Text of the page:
The objective of this project is to determine the cellular signals for plasticity in central nervous system components of ventilatory chemoreflexes during Chronic Sustained Hypoxia (CSH). The significance of this research is that it addresses a fundamental but unanswered question in pulmonary medicine: What are the neural mechanisms that increase ventilatory drive and enhance the reflex control of arterial O2 and CO2 during chronic hypoxemia from pulmonary disease? More specifically, we will test the hypothesis that some of the same molecular signals and cellular mechanisms described by others to explain Long Term Facilitation (LTF) with intermittent hypoxia (IH) also contribute to plasticity in ventilatory chemoreflexes during CSH. There has been tremendous progress on mechanisms of LTF recently, which allows us to efficiently test evaluate the model in CSH. Comparing and contrasting plasticity in CSH and IH is significant by allowing us to systematically evaluate potential therapeutic targets for the most important causes of chronic hypoxemia, namely COPD causing CSH and sleep disordered breathing causing IH. First we will establish that the molecular signals for enhanced glutamatergic neurotransmission reported for phrenic LTF in anesthetized rats occur with ventilatory LTF after IH in conscious mice. Then we will measure those molecular signals in mice after CSH and use pharmacology and conditional gene deletion to test their physiological significance for ventilatory acclimatization to CSH. Drugs or Cre-recombinase expressed by adeno-associated virus will be microinjected intrathecally to the spinal cord or stereotaxically in the brainstem of wildtype or transgenic mice to manipulate putative signals for plasticity in different populations of respiratory neurons. Experiments are designed to compare and contrast plasticity with IH vs. CSH. For example, we hypothesize that TrkB phosphorylation is a signal for plasticity in both IH and CSH but BDNF is only a signal in IH. Also, we hypothesize that increases in Reactive Oxygen Species (ROS) with both IH and CSH are an important signal for plasticity and we will measure the time course of ROS changes with different patterns of hypoxia and alter them to test physiological significance. Finally, we will test the hypothesis that CSH causes similar molecular signals for plasticity in a transgenic mouse model of emphysema (conditional deletion of the vascular endothelial growth factor gene in the lung). This is our first step towards addressing the important question of whether the neural plasticity studied in healthy animals acclimatized to environmental hypoxia occurs in diseases with chronic hypoxemia, or if chronic lung disease also involves abnormal plasticity.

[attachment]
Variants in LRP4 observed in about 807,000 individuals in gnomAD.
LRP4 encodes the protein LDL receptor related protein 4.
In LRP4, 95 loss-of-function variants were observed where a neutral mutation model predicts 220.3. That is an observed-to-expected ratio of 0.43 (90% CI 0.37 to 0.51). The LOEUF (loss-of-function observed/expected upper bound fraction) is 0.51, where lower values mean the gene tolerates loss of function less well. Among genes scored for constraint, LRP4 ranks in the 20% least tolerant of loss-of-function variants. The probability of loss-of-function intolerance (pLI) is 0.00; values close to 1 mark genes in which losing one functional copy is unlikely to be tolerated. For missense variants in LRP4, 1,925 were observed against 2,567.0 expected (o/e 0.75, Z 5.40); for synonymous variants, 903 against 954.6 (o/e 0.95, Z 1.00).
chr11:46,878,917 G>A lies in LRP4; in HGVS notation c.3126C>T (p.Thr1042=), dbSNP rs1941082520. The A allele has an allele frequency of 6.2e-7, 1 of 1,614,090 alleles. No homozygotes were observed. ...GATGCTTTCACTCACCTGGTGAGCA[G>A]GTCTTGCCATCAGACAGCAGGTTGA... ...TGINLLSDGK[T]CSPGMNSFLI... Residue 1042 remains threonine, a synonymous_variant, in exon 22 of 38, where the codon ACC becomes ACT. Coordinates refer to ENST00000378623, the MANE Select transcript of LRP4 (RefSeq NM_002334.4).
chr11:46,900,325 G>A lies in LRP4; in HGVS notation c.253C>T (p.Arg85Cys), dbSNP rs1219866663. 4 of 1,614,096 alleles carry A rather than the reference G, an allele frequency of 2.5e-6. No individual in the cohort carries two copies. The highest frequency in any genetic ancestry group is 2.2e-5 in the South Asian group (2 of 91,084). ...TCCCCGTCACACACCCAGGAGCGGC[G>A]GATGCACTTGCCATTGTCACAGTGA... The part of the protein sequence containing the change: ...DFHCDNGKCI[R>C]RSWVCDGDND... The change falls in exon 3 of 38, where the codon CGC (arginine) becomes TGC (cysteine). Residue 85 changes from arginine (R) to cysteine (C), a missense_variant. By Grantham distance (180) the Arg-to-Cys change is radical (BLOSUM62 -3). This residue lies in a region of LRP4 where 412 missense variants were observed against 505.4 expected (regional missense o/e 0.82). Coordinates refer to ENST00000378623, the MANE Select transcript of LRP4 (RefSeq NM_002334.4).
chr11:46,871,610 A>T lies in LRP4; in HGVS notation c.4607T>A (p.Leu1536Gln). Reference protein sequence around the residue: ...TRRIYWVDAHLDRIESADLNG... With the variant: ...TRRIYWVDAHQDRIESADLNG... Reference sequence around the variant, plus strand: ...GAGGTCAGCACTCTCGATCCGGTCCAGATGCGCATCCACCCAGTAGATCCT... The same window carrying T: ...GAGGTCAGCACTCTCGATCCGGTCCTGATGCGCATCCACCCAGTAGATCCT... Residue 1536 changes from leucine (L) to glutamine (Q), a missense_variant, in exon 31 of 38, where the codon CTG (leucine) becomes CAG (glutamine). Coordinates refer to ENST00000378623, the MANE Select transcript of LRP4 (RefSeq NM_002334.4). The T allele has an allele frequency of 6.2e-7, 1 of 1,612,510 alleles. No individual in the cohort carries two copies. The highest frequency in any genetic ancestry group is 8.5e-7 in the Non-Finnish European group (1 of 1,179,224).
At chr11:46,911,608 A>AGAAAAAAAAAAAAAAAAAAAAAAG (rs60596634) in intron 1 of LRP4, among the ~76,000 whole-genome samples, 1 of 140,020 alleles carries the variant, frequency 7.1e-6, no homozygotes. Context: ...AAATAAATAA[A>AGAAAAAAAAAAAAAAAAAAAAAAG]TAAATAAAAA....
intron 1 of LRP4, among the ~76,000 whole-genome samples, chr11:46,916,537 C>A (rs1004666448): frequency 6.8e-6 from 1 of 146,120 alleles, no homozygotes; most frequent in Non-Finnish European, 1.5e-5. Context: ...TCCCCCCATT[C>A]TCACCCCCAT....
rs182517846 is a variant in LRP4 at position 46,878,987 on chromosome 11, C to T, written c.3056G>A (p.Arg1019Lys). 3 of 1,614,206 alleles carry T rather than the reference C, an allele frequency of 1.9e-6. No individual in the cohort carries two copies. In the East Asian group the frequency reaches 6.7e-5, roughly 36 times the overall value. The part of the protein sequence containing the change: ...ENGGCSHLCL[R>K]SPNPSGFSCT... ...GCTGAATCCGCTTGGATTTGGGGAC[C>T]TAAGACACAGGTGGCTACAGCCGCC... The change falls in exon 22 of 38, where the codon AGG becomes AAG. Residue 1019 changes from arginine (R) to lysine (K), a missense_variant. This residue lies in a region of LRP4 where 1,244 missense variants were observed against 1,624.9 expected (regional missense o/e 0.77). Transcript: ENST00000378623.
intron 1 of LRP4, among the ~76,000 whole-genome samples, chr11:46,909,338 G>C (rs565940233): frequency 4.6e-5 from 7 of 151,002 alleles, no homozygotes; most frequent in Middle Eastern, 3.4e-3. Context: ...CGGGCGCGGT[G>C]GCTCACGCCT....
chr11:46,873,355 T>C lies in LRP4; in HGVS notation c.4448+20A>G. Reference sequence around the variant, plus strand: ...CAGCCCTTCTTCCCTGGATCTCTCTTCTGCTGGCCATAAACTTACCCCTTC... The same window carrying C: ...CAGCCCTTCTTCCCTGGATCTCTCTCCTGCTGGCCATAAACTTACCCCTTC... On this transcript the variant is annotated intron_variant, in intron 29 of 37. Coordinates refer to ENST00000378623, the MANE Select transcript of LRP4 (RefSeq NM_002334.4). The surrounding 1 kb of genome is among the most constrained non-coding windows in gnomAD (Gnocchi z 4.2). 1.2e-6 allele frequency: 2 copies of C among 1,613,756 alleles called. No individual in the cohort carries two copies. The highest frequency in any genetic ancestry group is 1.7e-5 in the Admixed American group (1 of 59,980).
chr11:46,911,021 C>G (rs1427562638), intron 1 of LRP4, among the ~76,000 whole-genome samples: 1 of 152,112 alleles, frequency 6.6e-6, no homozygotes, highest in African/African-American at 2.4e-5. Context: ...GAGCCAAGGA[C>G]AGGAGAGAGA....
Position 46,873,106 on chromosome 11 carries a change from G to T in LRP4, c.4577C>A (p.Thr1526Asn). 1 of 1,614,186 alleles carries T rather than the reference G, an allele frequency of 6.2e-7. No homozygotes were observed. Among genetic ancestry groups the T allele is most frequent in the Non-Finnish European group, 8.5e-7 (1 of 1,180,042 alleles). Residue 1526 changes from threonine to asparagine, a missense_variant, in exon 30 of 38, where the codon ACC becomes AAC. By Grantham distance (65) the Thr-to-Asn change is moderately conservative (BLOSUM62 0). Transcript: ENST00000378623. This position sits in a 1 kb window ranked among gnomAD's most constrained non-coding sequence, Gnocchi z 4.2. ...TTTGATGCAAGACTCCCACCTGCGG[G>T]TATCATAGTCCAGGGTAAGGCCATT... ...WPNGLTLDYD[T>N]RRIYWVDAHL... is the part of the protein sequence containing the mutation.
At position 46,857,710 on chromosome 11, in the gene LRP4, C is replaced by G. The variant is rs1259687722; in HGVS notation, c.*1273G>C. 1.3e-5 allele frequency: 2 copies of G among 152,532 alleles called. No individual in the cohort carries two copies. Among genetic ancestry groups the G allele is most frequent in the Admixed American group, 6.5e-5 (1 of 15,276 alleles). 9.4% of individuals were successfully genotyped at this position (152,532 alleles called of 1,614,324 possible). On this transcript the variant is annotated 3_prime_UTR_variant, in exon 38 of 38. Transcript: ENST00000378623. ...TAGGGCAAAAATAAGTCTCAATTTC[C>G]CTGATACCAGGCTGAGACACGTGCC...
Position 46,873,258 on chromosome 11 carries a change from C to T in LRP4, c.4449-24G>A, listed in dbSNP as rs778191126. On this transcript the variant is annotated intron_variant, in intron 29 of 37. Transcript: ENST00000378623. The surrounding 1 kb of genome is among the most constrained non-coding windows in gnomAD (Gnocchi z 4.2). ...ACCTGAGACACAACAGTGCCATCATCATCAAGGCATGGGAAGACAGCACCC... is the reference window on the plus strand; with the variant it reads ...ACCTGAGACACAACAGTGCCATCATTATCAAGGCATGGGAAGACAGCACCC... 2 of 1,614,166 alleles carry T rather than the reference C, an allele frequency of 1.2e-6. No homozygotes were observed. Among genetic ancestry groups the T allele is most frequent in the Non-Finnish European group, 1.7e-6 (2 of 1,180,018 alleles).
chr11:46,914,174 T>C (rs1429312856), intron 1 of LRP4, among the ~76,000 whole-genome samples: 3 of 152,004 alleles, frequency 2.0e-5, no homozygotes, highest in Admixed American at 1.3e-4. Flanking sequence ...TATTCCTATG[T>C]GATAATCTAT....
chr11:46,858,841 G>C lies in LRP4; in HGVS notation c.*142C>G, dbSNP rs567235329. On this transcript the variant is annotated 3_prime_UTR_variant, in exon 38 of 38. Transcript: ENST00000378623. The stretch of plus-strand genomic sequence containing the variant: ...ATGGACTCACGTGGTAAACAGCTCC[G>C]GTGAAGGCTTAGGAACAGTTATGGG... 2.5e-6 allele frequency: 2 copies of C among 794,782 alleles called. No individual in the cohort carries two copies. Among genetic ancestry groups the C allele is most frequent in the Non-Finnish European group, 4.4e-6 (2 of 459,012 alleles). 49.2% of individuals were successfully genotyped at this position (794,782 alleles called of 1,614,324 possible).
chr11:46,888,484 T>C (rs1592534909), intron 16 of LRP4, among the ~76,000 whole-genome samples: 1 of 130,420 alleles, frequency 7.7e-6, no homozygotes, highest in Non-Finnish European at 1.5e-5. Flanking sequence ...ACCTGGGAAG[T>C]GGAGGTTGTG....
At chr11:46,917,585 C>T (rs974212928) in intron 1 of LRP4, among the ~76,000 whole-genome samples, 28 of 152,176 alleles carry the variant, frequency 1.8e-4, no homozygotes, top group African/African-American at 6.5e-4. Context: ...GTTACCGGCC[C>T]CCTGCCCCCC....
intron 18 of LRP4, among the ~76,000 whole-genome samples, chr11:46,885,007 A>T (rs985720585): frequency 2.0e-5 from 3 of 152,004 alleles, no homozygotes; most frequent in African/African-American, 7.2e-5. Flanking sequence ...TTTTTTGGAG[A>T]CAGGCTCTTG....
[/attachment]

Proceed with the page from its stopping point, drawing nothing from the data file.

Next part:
This project studies changes in the reflex control of breathing caused by two different patterns of decreased blood oxygen: chronic intermittent hypoxia, which occurs with sleep disordered breathing and apnea, and chronic sustained hypoxia, which occurs with chronic obstructive pulmonary disease. We will use pharmacology and genetic engineering to determine similarities and differences in molecular signals for changes in the neural control of breathing with different patterns of hypoxia in conscious mice. Also, we will use a mouse model of chronic lung disease to distinguish the independent effects of low oxygen from other effects of lung disease.
|Grandner, Michael A; Malhotra, Atul (2017) Connecting insomnia, sleep apnoea and depression. Respirology 22:1249-1250|
|Sands, Scott A; Mebrate, Yoseph; Edwards, Bradley A et al. (2017) Resonance as the Mechanism of Daytime Periodic Breathing in Patients with Heart Failure. Am J Respir Crit Care Med 195:237-246|
|Hocker, Austin D; Stokes, Jennifer A; Powell, Frank L et al. (2017) The impact of inflammation on respiratory plasticity. Exp Neurol 287:243-253|
|Landry, Shane A; Joosten, Simon A; Sands, Scott A et al. (2017) Response to a combination of oxygen and a hypnotic as treatment for obstructive sleep apnoea is predicted by a patient's therapeutic CPAP requirement. Respirology 22:1219-1224|
|Orr, Jeremy E; Malhotra, Atul; Sands, Scott A (2017) Pathogenesis of central and complex sleep apnoea. Respirology 22:43-52|
|Rukhadze, Irma; Carballo, Nancy J; Bandaru, Sathyajit S et al. (2017) Catecholaminergic A1/C1 neurons contribute to the maintenance of upper airway muscle tone but may not participate in NREM sleep-related depression of these muscles. Respir Physiol Neurobiol 244:41-50|
|Mbanze, Irina; Moschovis, Peter P; Malhotra, Atul (2016) The American Thoracic Society Global Scholars Program. J Thorac Dis 8:S586-7|
|Malhotra, Atul; Liang, Ni-Cheng (2016) Introduction: American Thoracic Society International Meeting 2016. J Thorac Dis 8:S528-9|
|Hepokoski, Mark; Owens, Robert L; Malhotra, Atul et al. (2016) Mechanical ventilation in acute respiratory distress syndrome at ATS 2016: the search for a patient-specific strategy. J Thorac Dis 8:S550-2|
|Pamenter, Mathhew E; Powell, Frank L (2016) Time Domains of the Hypoxic Ventilatory Response and Their Molecular Basis. Compr Physiol 6:1345-85|
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